The physiopathology of ACS in pregnant women is quite different from the normal population. Pregnancy-associated AMI has been thought to be related to both an excess procoagulant state and increased stress on the cardiovascular system, leading to coronary thrombosis or spontaneous coronary dissection.3, 4, 5 A study by Roth et al. reviewed coronary lesions in pregnant patients with ACS. The following results were revealed: 39% of arteries had atherosclerotic lesions, 19% were found to have an intracoronary thrombus without any other lesion, 15% had a coronary dissection, and 27% of the arteries were apparently normal. As can be seen, contrary to the rest of the population, a much higher proportion of normal coronary arteries and intracoronary dissections are the cause of the coronary syndrome. Paradoxical coronary embolism through a patent foramen ovale is an additional potential mechanism of myocardial infarction during pregnancy, although this case showed clear-cut coronary artery disease. Ladner et al. identified hypertension, diabetes, advanced maternal age, preeclampsia and eclampsia as independent risk factors for pregnancy-associated AMI, and James et al. also found that thrombophilia, transfusion, and postpartum infections were significant risk predictors for AMI.2, 3 Spontaneous coronary artery dissections are more prevalent among pregnant than non-pregnant women, and are mostly reported around delivery or in the early postpartum period. They may be related to high progesterone levels with subsequent structural changes in the collagen of the vessel wall. Ergometrine given for bleeding postpartum may lead to coronary vasospasm and ischemia. Thrombi and dissections occur more frequently in the peripartum period than in delivery. Although our patient was young and did not have any risk factors for pregnancy-associated AMI, percutaneous coronary angiogram demonstrated normal coronary arteries with slow flow in circumflex, the ECG was STEMI.
Maternal mortality after ACS is estimated at 5–10% and is highest during the peripartum period. Survival has improved with PCI.2, 3, 4 Long-term maternal prognosis mainly depends on the severity of maternal heart disease and the cardiovascular risk profile. Before delivery, ACS may result in fetal mortality or prematurity.
The first step during pregnancy in ST-elevation ACS is a primary PCI, which is preferred to thrombolysis as it will also diagnose coronary artery dissection. Although recombinant tissue plasminogen activator does not cross the placenta, it may induce bleeding complications such as subplacental bleeding; therefore, thrombolytic therapy should be reserved for life-threatening ACS when there is no access to PCI.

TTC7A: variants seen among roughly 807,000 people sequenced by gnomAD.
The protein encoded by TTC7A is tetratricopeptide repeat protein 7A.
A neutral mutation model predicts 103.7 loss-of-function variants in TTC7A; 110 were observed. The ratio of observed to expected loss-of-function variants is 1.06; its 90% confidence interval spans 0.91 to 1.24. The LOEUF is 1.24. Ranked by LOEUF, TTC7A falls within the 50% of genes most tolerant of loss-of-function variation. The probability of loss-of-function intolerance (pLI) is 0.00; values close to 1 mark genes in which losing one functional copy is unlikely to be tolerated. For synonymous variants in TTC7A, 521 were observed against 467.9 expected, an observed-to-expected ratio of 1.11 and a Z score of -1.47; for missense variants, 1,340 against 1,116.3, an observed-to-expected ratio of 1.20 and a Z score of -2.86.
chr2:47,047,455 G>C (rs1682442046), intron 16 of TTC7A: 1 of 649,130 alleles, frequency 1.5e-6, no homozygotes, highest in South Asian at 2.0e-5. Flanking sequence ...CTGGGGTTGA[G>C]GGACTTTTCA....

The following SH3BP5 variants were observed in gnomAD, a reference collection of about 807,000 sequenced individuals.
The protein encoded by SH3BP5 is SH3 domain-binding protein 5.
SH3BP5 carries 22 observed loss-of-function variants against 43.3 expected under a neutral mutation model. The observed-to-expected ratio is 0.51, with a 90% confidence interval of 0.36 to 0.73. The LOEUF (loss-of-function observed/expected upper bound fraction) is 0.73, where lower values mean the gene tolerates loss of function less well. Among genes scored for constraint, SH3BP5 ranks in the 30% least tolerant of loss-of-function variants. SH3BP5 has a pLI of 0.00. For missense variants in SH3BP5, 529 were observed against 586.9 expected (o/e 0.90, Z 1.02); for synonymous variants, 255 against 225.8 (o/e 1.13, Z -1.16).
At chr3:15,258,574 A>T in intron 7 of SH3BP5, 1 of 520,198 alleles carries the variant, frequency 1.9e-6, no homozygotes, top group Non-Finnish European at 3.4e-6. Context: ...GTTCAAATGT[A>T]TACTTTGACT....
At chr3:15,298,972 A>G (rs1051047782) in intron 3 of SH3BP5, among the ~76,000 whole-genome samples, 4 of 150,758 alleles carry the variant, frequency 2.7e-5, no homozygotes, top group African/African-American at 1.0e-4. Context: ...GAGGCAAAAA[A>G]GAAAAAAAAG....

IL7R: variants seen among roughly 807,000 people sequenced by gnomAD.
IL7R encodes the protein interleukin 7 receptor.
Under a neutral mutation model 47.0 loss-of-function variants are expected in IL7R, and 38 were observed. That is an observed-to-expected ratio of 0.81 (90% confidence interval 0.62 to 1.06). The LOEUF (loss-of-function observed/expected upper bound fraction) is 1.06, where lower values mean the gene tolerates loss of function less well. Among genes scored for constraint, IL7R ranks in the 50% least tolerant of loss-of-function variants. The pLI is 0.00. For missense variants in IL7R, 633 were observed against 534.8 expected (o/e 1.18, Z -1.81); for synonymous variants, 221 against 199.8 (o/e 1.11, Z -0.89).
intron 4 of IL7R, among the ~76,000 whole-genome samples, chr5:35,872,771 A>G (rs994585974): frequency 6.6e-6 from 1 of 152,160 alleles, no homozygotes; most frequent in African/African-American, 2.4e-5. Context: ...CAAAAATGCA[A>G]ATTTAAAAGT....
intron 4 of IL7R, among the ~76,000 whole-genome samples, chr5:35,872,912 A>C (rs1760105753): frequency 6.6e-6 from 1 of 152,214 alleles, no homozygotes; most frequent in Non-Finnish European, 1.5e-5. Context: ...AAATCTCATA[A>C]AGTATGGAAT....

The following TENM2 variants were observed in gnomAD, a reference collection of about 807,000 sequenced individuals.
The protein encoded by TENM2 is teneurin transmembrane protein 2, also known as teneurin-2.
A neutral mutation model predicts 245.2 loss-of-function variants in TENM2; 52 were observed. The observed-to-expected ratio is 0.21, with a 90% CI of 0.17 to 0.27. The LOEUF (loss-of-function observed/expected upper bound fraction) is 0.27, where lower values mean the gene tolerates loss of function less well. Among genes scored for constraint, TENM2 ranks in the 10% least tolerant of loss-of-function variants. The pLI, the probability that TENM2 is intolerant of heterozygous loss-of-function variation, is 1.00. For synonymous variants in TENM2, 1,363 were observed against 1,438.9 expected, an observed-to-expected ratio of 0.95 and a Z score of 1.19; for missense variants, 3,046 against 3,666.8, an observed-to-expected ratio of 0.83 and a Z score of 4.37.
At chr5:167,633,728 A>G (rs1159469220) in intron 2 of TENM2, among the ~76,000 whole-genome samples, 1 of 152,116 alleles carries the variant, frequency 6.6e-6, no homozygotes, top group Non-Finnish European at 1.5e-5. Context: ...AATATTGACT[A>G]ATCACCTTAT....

The risk of potential damage to the fetus should be kept in mind, especially in the first trimester. However, this can be overcome with the use of appropriate radiological protection. In our case, a decision was taken to use lead apron protection. The patient's abdomen was covered and, to protect the fetus from excessive radiation, additional protection was also placed between the patient's back and the table.
β-Blockers and low dose acetylsalicylic acid are considered to be relatively safe during both the second and third trimesters, while the safety profile is unknown for thienopyridines.  Heparin does not cross the placenta, and several reports have demonstrated that heparin is safe to use during pregnancy.
In conclusion, AMI in pregnancy is a rare event with specific features that are related to both an excess procoagulant state and increased stress on the cardiovascular system, leading to coronary thrombosis or spontaneous coronary dissection. Understanding the causes of pregnancy-related acute myocardial infarction and identification of women at risk are the first steps for prevention. Screening and preventive measures should focus on women with advanced maternal age, known coronary risk factors, thrombophilia, postpartum complications, and being a smoker. Family history and smoking are the most important risk factors, and these have a higher-than-normal rate for non-atherosclerotic coronary disease in these groups. Management of these patients should include the use of bare-metal stents, precaution with the use of antiplatelet therapy, and appropriate protection during radiological procedures.
Our patient had normal coronary artery with slow coronary flow and drug treatment was administered. Elective abortion was planned for two weeks after the MI.
This article suggests that acute coronary syndrome should be considered in pregnant women who have chest pain. In these patients, the ECG should be performed immediately.
The authors declare that there is no potential conflicts of interest.
Published online: June 24, 2014